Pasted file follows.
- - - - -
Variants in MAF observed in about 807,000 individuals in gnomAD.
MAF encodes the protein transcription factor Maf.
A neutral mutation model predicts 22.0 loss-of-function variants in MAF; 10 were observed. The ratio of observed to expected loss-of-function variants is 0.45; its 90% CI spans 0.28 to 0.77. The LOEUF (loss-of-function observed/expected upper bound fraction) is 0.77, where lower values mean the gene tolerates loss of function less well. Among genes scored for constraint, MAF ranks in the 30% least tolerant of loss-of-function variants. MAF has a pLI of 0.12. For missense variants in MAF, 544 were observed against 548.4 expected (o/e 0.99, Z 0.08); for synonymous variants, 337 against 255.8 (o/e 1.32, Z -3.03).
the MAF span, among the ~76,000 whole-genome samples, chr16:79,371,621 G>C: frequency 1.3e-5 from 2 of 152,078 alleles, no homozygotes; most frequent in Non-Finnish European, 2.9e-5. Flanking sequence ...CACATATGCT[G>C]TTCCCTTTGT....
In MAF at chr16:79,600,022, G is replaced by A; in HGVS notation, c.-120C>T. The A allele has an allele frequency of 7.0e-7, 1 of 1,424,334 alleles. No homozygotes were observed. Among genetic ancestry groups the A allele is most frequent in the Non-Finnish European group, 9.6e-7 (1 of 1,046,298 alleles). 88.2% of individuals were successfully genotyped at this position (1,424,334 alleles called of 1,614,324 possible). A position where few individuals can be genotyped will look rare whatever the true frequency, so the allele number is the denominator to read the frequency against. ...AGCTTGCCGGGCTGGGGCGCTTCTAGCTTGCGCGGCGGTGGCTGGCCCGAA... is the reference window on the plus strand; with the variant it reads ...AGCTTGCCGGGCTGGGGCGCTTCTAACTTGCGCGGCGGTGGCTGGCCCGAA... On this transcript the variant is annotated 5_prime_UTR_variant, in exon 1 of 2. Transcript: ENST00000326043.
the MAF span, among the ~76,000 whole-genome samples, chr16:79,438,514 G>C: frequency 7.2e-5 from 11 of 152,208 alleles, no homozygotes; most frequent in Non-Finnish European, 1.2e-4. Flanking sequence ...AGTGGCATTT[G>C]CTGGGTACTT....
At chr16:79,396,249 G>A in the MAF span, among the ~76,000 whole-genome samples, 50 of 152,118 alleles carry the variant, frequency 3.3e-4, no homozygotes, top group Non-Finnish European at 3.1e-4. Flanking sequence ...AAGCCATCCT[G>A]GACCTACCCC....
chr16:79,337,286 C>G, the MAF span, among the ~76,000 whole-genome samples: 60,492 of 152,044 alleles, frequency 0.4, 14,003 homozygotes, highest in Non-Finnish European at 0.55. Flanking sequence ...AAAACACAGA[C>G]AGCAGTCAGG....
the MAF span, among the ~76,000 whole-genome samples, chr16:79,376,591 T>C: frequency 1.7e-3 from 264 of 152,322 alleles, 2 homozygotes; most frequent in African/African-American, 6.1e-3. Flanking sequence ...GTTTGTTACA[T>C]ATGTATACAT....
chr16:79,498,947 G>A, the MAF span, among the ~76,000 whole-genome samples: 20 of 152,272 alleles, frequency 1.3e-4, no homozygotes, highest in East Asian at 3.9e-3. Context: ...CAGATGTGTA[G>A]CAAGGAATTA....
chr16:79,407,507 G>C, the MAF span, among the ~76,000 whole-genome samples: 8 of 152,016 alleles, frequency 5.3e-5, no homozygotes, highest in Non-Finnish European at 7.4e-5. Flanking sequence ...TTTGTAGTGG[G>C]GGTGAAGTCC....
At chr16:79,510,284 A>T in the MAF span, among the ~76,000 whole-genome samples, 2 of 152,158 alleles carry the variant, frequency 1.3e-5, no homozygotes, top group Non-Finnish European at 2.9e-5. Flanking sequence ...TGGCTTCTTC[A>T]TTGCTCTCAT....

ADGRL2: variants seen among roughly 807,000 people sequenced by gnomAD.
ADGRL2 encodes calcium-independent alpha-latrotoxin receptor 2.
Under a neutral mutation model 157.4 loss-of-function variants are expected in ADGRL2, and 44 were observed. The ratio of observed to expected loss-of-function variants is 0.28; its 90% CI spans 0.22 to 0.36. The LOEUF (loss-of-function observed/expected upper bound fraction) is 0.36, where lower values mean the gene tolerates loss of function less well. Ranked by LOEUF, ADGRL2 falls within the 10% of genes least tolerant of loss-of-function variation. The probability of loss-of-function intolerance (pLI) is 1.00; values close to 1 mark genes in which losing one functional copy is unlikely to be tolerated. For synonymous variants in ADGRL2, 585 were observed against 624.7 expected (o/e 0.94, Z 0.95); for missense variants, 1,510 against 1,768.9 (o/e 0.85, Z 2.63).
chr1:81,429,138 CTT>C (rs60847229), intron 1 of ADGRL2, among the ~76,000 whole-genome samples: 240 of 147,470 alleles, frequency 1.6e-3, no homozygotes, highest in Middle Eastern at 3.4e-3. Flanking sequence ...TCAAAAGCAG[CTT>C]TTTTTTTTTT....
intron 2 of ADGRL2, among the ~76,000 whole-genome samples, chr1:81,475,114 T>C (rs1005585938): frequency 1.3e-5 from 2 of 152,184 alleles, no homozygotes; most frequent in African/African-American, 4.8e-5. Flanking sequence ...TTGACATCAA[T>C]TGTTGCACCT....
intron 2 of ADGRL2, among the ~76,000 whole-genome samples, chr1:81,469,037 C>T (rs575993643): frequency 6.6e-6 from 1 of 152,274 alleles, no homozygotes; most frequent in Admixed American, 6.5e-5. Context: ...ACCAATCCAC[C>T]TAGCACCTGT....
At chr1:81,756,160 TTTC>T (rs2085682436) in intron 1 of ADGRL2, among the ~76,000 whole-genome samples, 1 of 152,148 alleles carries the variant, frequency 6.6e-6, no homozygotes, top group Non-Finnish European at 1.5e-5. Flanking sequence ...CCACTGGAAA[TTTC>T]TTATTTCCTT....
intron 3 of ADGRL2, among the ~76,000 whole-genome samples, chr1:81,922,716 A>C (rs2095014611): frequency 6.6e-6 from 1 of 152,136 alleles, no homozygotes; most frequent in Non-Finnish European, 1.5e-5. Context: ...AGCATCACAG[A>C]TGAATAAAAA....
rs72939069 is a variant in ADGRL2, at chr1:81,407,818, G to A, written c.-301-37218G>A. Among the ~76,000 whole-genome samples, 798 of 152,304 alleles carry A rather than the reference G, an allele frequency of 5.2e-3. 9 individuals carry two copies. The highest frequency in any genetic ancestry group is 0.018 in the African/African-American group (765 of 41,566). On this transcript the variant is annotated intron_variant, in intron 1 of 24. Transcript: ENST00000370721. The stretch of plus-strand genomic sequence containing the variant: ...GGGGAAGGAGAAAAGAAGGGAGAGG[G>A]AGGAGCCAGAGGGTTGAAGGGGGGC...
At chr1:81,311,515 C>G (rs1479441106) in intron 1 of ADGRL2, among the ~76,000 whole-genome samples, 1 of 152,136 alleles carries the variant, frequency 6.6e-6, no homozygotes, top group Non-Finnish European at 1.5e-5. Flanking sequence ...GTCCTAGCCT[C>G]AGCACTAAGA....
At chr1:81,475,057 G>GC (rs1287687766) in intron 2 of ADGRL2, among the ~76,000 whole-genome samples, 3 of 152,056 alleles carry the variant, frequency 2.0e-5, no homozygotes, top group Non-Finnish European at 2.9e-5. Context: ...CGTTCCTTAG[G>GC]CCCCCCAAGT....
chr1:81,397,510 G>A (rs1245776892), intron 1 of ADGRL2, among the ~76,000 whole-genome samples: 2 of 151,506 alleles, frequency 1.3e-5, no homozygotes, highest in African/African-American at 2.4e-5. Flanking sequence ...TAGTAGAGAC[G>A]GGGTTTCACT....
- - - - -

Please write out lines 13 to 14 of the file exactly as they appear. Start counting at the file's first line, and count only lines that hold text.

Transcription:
ADGRL2: variants seen among roughly 807,000 people sequenced by gnomAD.
ADGRL2 encodes calcium-independent alpha-latrotoxin receptor 2.